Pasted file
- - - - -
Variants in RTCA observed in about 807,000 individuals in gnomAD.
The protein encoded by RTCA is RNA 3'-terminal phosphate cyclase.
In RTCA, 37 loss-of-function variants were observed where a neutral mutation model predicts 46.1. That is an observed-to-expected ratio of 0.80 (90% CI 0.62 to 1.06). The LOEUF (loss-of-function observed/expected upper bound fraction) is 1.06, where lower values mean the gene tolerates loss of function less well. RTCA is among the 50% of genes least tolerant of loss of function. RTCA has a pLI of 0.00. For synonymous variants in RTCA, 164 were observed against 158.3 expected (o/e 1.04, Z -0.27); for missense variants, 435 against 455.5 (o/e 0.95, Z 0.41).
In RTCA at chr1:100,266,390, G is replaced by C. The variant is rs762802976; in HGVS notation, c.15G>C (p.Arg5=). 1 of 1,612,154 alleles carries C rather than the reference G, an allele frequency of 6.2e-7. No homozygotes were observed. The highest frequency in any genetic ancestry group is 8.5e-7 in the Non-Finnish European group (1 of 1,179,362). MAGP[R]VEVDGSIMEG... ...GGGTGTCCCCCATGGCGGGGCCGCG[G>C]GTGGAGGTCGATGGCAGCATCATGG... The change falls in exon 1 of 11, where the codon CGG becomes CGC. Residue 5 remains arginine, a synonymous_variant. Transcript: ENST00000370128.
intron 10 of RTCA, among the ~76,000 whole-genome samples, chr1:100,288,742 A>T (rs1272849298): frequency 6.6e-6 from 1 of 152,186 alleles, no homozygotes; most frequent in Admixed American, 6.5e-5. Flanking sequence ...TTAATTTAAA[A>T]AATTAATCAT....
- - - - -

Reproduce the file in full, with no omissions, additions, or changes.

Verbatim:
Variants in RTCA observed in about 807,000 individuals in gnomAD.
The protein encoded by RTCA is RNA 3'-terminal phosphate cyclase.
In RTCA, 37 loss-of-function variants were observed where a neutral mutation model predicts 46.1. That is an observed-to-expected ratio of 0.80 (90% CI 0.62 to 1.06). The LOEUF (loss-of-function observed/expected upper bound fraction) is 1.06, where lower values mean the gene tolerates loss of function less well. RTCA is among the 50% of genes least tolerant of loss of function. RTCA has a pLI of 0.00. For synonymous variants in RTCA, 164 were observed against 158.3 expected (o/e 1.04, Z -0.27); for missense variants, 435 against 455.5 (o/e 0.95, Z 0.41).
In RTCA at chr1:100,266,390, G is replaced by C. The variant is rs762802976; in HGVS notation, c.15G>C (p.Arg5=). 1 of 1,612,154 alleles carries C rather than the reference G, an allele frequency of 6.2e-7. No homozygotes were observed. The highest frequency in any genetic ancestry group is 8.5e-7 in the Non-Finnish European group (1 of 1,179,362). MAGP[R]VEVDGSIMEG... ...GGGTGTCCCCCATGGCGGGGCCGCG[G>C]GTGGAGGTCGATGGCAGCATCATGG... The change falls in exon 1 of 11, where the codon CGG becomes CGC. Residue 5 remains arginine, a synonymous_variant. Transcript: ENST00000370128.
intron 10 of RTCA, among the ~76,000 whole-genome samples, chr1:100,288,742 A>T (rs1272849298): frequency 6.6e-6 from 1 of 152,186 alleles, no homozygotes; most frequent in Admixed American, 6.5e-5. Flanking sequence ...TTAATTTAAA[A>T]AATTAATCAT....